Disney’s ‘Brother Bear’ hits Blu-Ray with a new dual pack
Brother Bear and Brother Bear 2
Brother Bear directed by Aaron Blaise and Robert Walker
Brother Bear 2 directed by Ben Gluck
New this week from Disney is a handful of 3 disc Blu-ray Double Features, one of which is for the Disney animated film Brother Bear and its direct to video sequel Brother Bear 2. When Brother Bear came out in 2003, during what some regard as the ‘lean years ‘of Disney animation when Pixar dominated everything they produced, it was bumped from the traditional Disney summer release slot in favor of the immensely popular Finding Nemo. Making its way to a double feature Blu-ray with its sequel for the first time, the question remains is it worth the purchase price?
In Brother Bear, Kenai (Phoenix) is a man who resents bears after a fight with one kills his older brother. After attacking a bear Kenai himself is turned into a bear so he can see life from a different perspective. He is visited by the spirit of his older brother (Sweeney) who relays that if he wishes to be changed back into a human, he must travel to the place where the lights touch the Earth. Fueled by hope, Kenai sets off on his long journey and along the way the way encounters a younger bear named Koda (Suarez). Koda is trying to find his way back to his home, the Salmon Run, which as it turns out is near Kenai’s destination. Koda and Kenai team up, but are hunted by Kenai’s other brother Denahi (Raize), who fears that the bear Kenai has killed the human Kenai as well. Along the way, the two bears meet other friends, including two moose (Moranis and Thomas), some rams, and some mammoths, with which they hitch a ride. The two become more than friends along the way, they become brothers, which leaves Kenai with a difficult decision.
In Brother Bear 2, Kenai (this time voiced by Dempsey), still a bear and Koda strongly believe that they do not need any girl, just each other. Kenai dreams of Nita (Moore), a girl he had met and saved when he was very young. After giving her an amulet, and promising they’d be friends forever, Nita leaves for her home and Kenai never sees her again. We then see Nita, now grown up, beautiful and preparing for her wedding. However, the ancestors are not pleased, as Nita is already tied to Kenai. The only way for Nita to break their bond and be happily married is to journey to the very place where Kenai gave her the amulet and burn it together. As Kenai, Nita and Koda journey together, Koda cannot help but feel worried that Kenai might abandon him altogether for Nita as the two start to re-ignite their young love. But will Kenai abandon Koda to become a man again to be with Nita?
Brother Bear is a very underwhelming tale. The animation is decent, but not as impressive as other Disney hand drawn films of the time. The story is flat and does not allow the audience to establish any real connection with the main characters. Disney has since re-used the premise of someone turning into a bear to teach as lesson, but with a much more capable and deserving script, in last year’s Oscar winner Brave. Phoenix is decent enough here as Kenai, though the script really doesn’t give him much to do other than fumble around because he does not know Bear etiquette and use his angry acting skills during Kenai’s human phase. The rest of the voice cast is adequate here as well; the real issues come down to story. Because of Kenai’s actions and the true result of those actions realized later on, Kenai becomes an unrelatable protagonist and leaves the audience without a viable person to cheer for other than Koda. Koda’s antics do get tiresome after a while though despite the fact that the ending does manage to bring the audience to Koda’s side.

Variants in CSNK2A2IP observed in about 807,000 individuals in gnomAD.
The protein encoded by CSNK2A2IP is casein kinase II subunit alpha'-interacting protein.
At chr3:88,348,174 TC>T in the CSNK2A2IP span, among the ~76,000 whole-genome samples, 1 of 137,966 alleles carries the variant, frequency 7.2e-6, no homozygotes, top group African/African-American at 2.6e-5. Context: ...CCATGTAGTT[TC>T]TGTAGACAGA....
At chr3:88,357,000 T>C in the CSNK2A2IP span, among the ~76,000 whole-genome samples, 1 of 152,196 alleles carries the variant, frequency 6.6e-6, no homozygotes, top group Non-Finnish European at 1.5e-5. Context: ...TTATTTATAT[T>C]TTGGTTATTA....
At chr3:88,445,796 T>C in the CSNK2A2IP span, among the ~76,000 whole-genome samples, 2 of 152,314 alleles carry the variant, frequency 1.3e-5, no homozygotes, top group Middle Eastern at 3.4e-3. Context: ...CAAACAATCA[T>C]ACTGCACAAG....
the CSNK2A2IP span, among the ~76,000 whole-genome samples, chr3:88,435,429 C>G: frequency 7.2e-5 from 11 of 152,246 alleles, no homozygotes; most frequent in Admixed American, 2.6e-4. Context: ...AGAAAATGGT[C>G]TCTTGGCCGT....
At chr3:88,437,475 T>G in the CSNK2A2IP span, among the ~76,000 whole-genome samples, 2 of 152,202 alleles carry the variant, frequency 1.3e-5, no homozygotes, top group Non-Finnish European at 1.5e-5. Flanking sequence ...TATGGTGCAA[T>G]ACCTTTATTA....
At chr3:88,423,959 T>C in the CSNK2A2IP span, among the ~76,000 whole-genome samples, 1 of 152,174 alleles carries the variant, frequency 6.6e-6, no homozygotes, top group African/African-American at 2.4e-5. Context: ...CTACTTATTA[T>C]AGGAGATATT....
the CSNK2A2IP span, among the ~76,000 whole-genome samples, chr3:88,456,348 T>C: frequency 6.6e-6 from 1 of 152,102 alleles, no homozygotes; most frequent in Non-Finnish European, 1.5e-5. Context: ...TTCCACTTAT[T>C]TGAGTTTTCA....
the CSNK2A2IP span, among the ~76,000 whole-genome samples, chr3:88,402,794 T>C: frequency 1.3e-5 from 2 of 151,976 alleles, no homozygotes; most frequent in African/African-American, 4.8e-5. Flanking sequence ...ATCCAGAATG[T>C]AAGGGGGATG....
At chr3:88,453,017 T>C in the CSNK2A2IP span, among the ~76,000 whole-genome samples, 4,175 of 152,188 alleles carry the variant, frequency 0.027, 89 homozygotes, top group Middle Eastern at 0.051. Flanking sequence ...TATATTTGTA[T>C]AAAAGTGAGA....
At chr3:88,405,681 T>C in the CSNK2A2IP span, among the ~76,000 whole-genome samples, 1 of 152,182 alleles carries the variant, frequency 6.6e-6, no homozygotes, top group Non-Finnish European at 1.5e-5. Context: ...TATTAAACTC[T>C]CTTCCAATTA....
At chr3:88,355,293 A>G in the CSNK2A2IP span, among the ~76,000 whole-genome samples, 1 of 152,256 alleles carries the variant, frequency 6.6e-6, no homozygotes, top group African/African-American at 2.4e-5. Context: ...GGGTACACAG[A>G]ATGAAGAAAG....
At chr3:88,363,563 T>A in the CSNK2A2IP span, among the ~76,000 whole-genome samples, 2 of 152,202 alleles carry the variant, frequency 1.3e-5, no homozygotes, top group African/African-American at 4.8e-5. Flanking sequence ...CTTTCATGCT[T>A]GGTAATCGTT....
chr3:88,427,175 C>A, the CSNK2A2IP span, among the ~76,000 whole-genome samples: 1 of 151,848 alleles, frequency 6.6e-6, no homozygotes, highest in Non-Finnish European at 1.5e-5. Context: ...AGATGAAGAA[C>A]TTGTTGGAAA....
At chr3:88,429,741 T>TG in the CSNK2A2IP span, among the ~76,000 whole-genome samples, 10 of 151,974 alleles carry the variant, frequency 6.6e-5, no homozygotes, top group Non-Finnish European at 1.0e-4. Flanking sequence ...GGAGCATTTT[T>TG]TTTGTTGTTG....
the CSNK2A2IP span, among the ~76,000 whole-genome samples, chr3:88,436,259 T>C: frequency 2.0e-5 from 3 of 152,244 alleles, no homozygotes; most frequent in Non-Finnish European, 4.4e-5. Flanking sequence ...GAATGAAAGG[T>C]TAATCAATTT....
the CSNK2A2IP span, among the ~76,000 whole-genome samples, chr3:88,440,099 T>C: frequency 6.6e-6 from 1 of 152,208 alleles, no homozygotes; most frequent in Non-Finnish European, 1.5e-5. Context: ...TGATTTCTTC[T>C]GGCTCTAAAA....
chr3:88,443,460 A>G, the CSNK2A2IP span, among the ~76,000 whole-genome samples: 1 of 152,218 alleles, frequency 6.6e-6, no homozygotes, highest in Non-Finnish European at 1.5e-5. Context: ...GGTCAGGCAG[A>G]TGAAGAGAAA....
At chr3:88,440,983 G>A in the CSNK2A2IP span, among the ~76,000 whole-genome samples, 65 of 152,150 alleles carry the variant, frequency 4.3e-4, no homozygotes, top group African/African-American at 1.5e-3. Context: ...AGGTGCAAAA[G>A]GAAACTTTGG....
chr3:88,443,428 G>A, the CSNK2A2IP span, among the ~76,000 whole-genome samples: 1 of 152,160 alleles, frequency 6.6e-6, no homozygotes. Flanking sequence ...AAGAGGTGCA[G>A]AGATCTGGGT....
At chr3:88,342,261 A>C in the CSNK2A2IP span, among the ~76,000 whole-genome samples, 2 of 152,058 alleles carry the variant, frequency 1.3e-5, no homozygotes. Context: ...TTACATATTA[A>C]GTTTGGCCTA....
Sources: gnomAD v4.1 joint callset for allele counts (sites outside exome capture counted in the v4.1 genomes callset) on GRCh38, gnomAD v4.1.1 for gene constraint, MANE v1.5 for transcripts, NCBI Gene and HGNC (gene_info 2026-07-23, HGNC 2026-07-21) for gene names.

Brother Bear 2 sadly is actually worse than the first. The story here is another one of Disney’s usual story lines in their animated direct to video sequels, which is they insert a love story, but in this case they are adding it into a bit of a mess. And this time the film adds not only one love story, but a silly tacked on love story with the background moose characters as well. Dempsey does a decent job in talking over the reins of Kenai, though the change does make you appreciate Phoenix’s job in the first film all the more. The insertion of Moore’s Nita feels contrived and forced as the potion given to Nita by the shaman Innoko (the horribly miscast Wanda Sykes) that allows her to understand and speak bear is as bad a scapegoat trope as any. The journey is the same stuff the first gave us for the most part, with Koda being the grumpy third wheel. The group reach their destination in time for the ‘Equinox’ where magically all the snow melts in one night and all the flowers and trees grow to full bloom because of the magical equinox lights. Of course the story does not end there as Kenai and Nita are left to decide how they will resolve their relationship.
The Disc includes a handful of special features from Brother Bear and one from Brother Bear 2. From the first Brother Bear the disc has some deleted scenes, including a song, animated outtakes, sing-along songs section and a making of featurette. Brother Bear 2 simply has a behind the music featurette.
Of all the Disney Dual Pack Blu-ray collections released this week the Brother Bear set is the weakest. With a weak story and un-engaging characters, Brother Bear and it sequel have not stood the test of time, especially considering Pixar’s Brave used a similar story but with greater results. Brother Bear Dual Pack is a non-recommend.
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